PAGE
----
For God’s Sake, Stay Away From European Potato Fields

A potato chip factory worker found a grenade in the tater line. That kind of discovery is more common than you think.

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Photo: LUDOVIC MARIN/AFP (Getty Images)

Potatoes and grenades have much in common. Both are vaguely ovular. Both can be deep-fried. Both can be thrown at the enemy. And both wound up in a New Zealand chip factory production line earlier this week, when a worker initially mistook a rusty grenade for a large, dirty potato. Turns out, grenades pop up in potato fields on a fairly regular basis—especially in Europe.

What’s a grenade like you doing in a chip factory like this?

The Guardian reports that New Zealand’s bomb squad was called into a chip factory Tuesday “after a suspicious-looking potato trundling down the production line turned out to be a grenade.” The weapon showed up in a Mr. Chips factory in Auckland but was initially dug up at a potato farm in New Zealand’s Matamata region.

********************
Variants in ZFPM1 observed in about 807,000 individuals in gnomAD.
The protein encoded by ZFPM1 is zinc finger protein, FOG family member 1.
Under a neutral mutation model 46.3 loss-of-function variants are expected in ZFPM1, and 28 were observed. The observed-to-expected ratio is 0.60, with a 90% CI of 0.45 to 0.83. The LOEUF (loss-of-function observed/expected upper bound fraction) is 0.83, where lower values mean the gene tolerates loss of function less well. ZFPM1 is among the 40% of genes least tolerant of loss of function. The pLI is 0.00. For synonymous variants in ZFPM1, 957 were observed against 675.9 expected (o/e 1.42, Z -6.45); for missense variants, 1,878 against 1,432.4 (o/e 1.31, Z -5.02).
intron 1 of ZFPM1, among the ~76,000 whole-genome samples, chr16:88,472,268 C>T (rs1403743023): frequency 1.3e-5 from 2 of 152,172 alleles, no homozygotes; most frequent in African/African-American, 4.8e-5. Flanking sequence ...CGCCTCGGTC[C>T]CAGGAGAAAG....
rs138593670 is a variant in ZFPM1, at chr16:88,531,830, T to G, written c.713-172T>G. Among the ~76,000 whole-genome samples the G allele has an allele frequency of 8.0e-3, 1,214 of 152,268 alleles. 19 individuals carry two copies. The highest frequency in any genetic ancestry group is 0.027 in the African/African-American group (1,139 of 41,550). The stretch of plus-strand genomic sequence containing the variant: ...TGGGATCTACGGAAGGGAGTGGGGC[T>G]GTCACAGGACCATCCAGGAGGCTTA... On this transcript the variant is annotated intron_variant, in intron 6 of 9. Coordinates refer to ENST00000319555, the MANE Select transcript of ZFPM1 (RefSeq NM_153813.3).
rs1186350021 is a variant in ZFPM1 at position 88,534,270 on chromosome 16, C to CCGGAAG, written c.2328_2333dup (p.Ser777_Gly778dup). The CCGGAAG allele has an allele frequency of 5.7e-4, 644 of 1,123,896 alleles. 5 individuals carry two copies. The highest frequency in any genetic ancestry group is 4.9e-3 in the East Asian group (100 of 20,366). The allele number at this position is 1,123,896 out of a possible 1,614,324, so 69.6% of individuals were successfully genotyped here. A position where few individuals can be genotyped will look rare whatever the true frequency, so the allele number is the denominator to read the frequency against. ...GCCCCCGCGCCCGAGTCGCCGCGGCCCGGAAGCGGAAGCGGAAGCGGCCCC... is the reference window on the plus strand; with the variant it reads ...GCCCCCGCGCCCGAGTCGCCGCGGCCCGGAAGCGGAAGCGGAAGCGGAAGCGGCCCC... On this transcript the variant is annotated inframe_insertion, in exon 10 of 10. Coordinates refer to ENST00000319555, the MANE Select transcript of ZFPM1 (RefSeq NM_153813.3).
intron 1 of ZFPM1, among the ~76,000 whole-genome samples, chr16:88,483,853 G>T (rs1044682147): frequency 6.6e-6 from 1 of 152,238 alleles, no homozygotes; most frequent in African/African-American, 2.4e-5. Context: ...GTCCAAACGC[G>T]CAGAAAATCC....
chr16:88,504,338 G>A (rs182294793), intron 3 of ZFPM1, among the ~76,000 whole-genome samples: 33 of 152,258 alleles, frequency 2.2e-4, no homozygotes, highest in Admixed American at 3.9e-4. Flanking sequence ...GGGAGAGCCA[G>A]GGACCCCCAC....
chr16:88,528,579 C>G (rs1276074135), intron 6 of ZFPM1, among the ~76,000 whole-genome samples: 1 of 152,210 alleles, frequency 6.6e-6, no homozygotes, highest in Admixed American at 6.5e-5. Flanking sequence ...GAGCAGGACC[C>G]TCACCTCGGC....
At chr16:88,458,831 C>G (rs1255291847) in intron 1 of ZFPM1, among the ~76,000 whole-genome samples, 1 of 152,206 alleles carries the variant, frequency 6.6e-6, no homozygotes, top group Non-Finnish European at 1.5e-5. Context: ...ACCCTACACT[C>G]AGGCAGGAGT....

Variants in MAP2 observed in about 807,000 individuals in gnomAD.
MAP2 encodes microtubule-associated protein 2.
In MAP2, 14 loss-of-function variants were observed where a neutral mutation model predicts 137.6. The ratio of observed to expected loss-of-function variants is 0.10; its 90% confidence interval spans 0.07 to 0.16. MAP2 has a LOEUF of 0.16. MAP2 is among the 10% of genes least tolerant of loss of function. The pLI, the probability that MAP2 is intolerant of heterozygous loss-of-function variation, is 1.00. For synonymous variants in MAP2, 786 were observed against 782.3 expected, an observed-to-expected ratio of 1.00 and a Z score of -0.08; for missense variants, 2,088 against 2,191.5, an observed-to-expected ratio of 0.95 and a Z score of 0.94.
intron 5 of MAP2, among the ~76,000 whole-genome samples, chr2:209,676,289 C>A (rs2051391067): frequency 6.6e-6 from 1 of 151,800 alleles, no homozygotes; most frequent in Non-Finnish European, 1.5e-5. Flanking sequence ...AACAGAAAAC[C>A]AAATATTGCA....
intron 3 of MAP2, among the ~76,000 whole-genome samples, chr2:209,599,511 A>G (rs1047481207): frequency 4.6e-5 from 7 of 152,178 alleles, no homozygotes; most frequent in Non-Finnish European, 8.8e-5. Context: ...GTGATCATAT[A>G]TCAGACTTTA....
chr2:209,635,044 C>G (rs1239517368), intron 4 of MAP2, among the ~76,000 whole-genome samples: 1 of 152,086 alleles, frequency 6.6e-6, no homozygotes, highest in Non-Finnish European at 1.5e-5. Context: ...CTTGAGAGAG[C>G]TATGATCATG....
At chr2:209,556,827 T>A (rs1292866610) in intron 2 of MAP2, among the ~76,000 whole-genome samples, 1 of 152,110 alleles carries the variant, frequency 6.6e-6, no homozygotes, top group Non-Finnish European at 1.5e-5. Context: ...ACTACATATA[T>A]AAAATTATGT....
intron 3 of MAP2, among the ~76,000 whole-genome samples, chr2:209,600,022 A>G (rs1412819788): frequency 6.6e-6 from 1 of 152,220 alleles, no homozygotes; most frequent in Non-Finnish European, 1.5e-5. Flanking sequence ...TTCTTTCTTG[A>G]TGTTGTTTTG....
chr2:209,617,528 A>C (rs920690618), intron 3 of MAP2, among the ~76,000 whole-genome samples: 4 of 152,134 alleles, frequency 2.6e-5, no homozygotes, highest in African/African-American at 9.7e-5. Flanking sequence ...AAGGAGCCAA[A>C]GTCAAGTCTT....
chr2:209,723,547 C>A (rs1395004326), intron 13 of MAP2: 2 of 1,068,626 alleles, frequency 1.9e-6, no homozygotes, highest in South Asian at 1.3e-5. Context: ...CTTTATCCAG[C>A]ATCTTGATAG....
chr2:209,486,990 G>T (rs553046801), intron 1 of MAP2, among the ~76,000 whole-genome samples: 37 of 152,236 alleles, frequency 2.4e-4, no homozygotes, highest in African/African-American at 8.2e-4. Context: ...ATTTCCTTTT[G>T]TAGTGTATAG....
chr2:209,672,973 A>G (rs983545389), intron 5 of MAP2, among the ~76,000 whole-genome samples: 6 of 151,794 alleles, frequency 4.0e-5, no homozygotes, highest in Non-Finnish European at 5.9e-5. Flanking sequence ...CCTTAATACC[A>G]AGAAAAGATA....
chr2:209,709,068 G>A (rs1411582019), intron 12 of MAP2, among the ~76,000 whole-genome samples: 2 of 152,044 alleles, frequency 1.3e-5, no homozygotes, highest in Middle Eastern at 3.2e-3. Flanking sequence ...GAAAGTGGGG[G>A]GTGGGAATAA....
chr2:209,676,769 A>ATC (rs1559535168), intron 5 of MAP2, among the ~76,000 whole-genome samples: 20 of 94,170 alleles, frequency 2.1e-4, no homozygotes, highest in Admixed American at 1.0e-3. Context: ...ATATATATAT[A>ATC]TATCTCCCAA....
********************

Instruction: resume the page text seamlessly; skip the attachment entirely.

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Night shift worker Richard Teurukura reportedly pulled the device from a “potato reception area,” where he was sorting through a shipment of about 100,000 potatoes. At first, he thought the grenade was a muddy stone—but upon inspecting it further and consulting with a colleague who had “seen a lot of war movies,” Teurukura stopped the conveyer belt and removed the object from the production line. He then placed it in a cordoned-off area until a bomb disposal team could arrive on the scene. Teurukura’s manager is now hoping to reclaim the bomb and place it in the factory’s “trophy room.” (What else... is in there?)

Per The Guardian, the grenade in question was a roughly 80-year-old British-made “Mills bomb” hand grenade. Apparently, that type of grenade was widely used in the first and second world wars, and they pop up frequently in potato fields in Europe. A few years ago, a similar grenade was found in a French potato shipment. It makes sense; as Winston Churchill said, World War II was fought “in the fields and in the streets.” The weapons left behind in the conflict have likely burrowed a few feet under the ground by now—down to potato level, if I’m not mistaken.

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Let this be a lesson to you: If you’re messing around in international potato fields, make sure you’ve got the bomb squad on speed dial.